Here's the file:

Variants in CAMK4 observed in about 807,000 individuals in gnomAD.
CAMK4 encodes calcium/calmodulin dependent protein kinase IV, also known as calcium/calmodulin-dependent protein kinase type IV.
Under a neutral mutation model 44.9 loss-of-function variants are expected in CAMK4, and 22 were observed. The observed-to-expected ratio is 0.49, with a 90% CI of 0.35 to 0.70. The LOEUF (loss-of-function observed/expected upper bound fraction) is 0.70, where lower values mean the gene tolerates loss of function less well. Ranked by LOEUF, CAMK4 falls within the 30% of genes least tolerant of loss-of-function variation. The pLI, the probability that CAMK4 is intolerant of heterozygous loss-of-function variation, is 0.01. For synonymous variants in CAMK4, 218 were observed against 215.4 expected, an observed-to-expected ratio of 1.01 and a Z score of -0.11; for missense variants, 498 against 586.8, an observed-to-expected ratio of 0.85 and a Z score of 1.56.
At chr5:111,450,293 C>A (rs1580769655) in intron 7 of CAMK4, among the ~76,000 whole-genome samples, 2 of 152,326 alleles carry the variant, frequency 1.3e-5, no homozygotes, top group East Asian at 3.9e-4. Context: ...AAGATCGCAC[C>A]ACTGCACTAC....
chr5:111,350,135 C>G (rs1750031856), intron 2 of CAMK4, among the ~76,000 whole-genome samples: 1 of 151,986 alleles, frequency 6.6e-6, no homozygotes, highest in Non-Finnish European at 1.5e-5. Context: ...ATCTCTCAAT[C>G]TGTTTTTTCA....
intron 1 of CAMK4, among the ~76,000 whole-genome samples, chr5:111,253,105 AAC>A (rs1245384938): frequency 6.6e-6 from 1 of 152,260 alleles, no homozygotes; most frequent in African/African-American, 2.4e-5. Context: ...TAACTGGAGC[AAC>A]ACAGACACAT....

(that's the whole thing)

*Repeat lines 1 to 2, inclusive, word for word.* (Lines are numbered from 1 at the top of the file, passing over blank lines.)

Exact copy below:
Variants in CAMK4 observed in about 807,000 individuals in gnomAD.
CAMK4 encodes calcium/calmodulin dependent protein kinase IV, also known as calcium/calmodulin-dependent protein kinase type IV.